"There is not now, nor has there ever been, nor will there ever be, any programming language in which it is the least bit difficult to write bad code."
    - Flon's Law

  12. #282
    C++まいる!Cをこわせ! Elysia's Avatar
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    Sure it does, but try this:
    Code:
    	CInt<uint8_t> i;
    	i += -1;
    	i += 0xFFFFFFFFFFFFFFFF;
    Yes, the code compiles, but it is far from correct.
    In the first case, -1 is converted to unsigned and 255 is added.
    In the second case, the number is truncated and 255 is added.

    With constructors and operators:
    Code:
    	CInt() {}
    	template<typename NewT> CInt(CInt<NewT> Int): m_Data(Int.m_Data) {}
    	CInt(T Int): m_Data(Int) {}
    	/*template<typename NewT> */CInt& operator += (const CInt& Data) { return *this; } //(const typename CInt<NewT>::me_t& Data) {}
    So my question becomes: what to do to make it right.
    I'm trying to rely on implicit conversions for integer -> CInt<integer>, so the operators can accept and process it.
    Quote Originally Posted by Adak View Post
    io.h certainly IS included in some modern compilers. It is no longer part of the standard for C, but it is nevertheless, included in the very latest Pelles C versions.
    Quote Originally Posted by Salem View Post
    You mean it's included as a crutch to help ancient programmers limp along without them having to relearn too much.

    Outside of your DOS world, your header file is meaningless.

  13. #283
    Master Apprentice phantomotap's Avatar
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    I'm trying to rely on implicit conversions for integer -> CInt<integer>, so the operators can accept and process it.
    No. You are not. We've rather "just" discussed the issue. You just want to rely on existing constructs to code additional behavior. (Specifically, you want to rely on constructors and an existing well designed '+=' so that you don't have to code matching '+=' for every constructor.)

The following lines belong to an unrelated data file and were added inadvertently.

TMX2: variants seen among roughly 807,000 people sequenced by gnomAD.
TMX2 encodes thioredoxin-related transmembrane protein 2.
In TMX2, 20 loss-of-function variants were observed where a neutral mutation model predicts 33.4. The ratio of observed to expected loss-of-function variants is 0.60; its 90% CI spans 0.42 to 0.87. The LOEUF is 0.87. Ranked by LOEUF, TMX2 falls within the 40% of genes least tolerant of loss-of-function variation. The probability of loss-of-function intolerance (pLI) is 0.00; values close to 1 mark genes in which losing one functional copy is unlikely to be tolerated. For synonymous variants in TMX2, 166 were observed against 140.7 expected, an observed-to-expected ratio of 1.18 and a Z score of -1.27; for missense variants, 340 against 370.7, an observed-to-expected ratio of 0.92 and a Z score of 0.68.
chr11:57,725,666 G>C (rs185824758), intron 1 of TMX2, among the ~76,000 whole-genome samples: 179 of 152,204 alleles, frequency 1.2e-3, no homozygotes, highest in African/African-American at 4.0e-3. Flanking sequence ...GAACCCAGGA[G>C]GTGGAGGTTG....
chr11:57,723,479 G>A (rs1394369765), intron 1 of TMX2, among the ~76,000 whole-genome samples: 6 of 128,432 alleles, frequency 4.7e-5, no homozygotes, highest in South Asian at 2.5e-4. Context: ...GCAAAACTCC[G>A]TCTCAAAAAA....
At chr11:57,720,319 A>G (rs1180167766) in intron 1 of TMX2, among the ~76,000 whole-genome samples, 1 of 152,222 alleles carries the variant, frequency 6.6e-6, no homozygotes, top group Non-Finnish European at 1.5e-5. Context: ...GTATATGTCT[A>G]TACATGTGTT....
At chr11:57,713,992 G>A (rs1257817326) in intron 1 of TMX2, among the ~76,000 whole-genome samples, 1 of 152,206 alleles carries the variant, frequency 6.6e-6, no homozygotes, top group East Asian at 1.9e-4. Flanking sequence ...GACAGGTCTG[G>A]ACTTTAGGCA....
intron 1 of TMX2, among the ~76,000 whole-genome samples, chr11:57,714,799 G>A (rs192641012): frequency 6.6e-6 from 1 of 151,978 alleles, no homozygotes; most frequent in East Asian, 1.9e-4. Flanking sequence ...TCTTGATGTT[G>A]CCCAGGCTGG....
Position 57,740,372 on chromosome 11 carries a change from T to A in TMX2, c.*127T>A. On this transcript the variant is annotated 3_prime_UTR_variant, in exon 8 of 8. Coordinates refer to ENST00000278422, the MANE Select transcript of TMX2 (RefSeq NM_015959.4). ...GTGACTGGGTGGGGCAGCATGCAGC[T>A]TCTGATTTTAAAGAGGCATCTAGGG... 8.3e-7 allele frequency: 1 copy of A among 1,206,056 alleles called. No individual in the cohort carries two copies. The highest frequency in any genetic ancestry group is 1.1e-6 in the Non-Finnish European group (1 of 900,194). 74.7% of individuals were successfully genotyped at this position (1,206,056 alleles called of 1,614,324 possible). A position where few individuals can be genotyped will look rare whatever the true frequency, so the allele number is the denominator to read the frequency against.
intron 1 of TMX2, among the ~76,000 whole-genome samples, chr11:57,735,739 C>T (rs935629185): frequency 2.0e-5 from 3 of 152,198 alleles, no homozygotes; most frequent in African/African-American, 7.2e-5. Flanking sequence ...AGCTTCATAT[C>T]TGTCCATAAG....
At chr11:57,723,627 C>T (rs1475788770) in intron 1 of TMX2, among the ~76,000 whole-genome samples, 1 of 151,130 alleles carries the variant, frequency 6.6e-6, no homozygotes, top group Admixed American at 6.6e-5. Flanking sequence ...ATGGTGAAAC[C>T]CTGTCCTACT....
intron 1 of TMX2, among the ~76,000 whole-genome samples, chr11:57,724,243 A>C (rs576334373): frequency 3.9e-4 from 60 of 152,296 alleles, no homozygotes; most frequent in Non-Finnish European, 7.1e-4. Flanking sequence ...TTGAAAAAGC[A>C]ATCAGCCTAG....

*shrug*

    You really should just bite the bullet and do it properly.

    Anyway, as with virtually every software problem: impose an additional level of abstraction. I've included one possibility. In all honesty, this isn't the "correct" way to approach this particular abstraction, but it is the simplest. (Even the "correct" way is only a construct to allow a generic implementation while maintaining the possibility of outside influences coding more efficient implementations of any given 'operator @'. If your worth the effort of the help you've received, you'll eventually still do it properly maintaining this abstraction only for the possibility of outside influence.)

    Let's see... the important bit: without employing firewall constructs controlling what types you instantiate will be impossible, and without a firewall referencing a specific error every compiler will garbage at you about syntactic impossibilities. Long<->Short: Obtain a good source level firewall and use it.

    Soma

    Code:
    template<typename T> class CTest 
    {
    public: 
    	typedef CTest<T> me_t;
    	CTest() {}
    	CTest(const T*) {}
    	CTest(const T) {}
    	template<typename NewT> void operator__addition(const CTest<NewT> &) const
    	{
    	}
    };
    
    // struct TLERROR_CTest_No_Instantiation_For_Non_Numeric_Type{};
    template<typename OldT, typename NewT> void operator + (const CTest<OldT> & lhs_f, const NewT & rhs_f)